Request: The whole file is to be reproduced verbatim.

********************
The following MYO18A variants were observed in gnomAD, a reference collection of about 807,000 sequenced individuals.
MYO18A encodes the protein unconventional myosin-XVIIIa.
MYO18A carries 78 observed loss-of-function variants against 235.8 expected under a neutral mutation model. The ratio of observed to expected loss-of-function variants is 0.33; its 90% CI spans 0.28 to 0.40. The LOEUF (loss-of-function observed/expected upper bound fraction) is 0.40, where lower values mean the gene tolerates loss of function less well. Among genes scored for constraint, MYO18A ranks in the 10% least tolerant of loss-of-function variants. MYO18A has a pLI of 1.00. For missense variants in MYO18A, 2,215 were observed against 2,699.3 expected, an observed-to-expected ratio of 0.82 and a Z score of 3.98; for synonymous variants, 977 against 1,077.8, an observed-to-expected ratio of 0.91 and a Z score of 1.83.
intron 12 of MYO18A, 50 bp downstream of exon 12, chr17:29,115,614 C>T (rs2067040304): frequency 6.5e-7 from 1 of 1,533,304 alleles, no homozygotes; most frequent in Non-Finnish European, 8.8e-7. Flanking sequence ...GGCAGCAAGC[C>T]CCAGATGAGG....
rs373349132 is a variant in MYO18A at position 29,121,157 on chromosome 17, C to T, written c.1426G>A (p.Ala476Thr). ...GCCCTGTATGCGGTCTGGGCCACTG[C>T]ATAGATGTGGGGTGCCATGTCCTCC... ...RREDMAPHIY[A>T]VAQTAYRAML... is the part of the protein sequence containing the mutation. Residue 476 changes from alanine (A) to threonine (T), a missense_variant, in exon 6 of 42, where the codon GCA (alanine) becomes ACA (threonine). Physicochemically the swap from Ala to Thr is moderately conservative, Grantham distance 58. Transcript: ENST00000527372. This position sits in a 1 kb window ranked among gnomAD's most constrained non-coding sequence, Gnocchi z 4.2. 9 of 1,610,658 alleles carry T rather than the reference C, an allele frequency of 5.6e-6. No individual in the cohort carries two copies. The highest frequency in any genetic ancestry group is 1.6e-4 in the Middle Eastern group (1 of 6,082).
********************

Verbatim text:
The following MYO18A variants were observed in gnomAD, a reference collection of about 807,000 sequenced individuals.
MYO18A encodes the protein unconventional myosin-XVIIIa.
MYO18A carries 78 observed loss-of-function variants against 235.8 expected under a neutral mutation model. The ratio of observed to expected loss-of-function variants is 0.33; its 90% CI spans 0.28 to 0.40. The LOEUF (loss-of-function observed/expected upper bound fraction) is 0.40, where lower values mean the gene tolerates loss of function less well. Among genes scored for constraint, MYO18A ranks in the 10% least tolerant of loss-of-function variants. MYO18A has a pLI of 1.00. For missense variants in MYO18A, 2,215 were observed against 2,699.3 expected, an observed-to-expected ratio of 0.82 and a Z score of 3.98; for synonymous variants, 977 against 1,077.8, an observed-to-expected ratio of 0.91 and a Z score of 1.83.
intron 12 of MYO18A, 50 bp downstream of exon 12, chr17:29,115,614 C>T (rs2067040304): frequency 6.5e-7 from 1 of 1,533,304 alleles, no homozygotes; most frequent in Non-Finnish European, 8.8e-7. Flanking sequence ...GGCAGCAAGC[C>T]CCAGATGAGG....
rs373349132 is a variant in MYO18A at position 29,121,157 on chromosome 17, C to T, written c.1426G>A (p.Ala476Thr). ...GCCCTGTATGCGGTCTGGGCCACTG[C>T]ATAGATGTGGGGTGCCATGTCCTCC... ...RREDMAPHIY[A>T]VAQTAYRAML... is the part of the protein sequence containing the mutation. Residue 476 changes from alanine (A) to threonine (T), a missense_variant, in exon 6 of 42, where the codon GCA (alanine) becomes ACA (threonine). Physicochemically the swap from Ala to Thr is moderately conservative, Grantham distance 58. Transcript: ENST00000527372. This position sits in a 1 kb window ranked among gnomAD's most constrained non-coding sequence, Gnocchi z 4.2. 9 of 1,610,658 alleles carry T rather than the reference C, an allele frequency of 5.6e-6. No individual in the cohort carries two copies. The highest frequency in any genetic ancestry group is 1.6e-4 in the Middle Eastern group (1 of 6,082).